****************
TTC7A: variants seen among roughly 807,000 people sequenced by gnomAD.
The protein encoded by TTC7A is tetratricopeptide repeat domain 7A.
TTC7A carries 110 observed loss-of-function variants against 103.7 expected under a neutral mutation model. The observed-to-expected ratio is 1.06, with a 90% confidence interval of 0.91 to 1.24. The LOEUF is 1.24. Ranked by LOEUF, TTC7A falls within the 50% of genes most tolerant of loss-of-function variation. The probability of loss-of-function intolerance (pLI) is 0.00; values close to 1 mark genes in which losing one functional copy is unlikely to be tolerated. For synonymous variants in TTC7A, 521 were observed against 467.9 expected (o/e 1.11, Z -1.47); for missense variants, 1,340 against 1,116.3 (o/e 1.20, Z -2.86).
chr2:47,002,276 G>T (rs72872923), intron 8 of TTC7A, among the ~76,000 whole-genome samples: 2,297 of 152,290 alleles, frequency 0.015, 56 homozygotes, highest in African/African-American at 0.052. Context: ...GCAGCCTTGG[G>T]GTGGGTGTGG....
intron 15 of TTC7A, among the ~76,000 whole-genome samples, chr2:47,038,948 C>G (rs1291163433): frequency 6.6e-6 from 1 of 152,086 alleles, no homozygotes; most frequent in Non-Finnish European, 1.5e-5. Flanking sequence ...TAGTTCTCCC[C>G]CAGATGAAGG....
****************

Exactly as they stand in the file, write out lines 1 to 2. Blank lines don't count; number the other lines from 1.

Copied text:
TTC7A: variants seen among roughly 807,000 people sequenced by gnomAD.
The protein encoded by TTC7A is tetratricopeptide repeat domain 7A.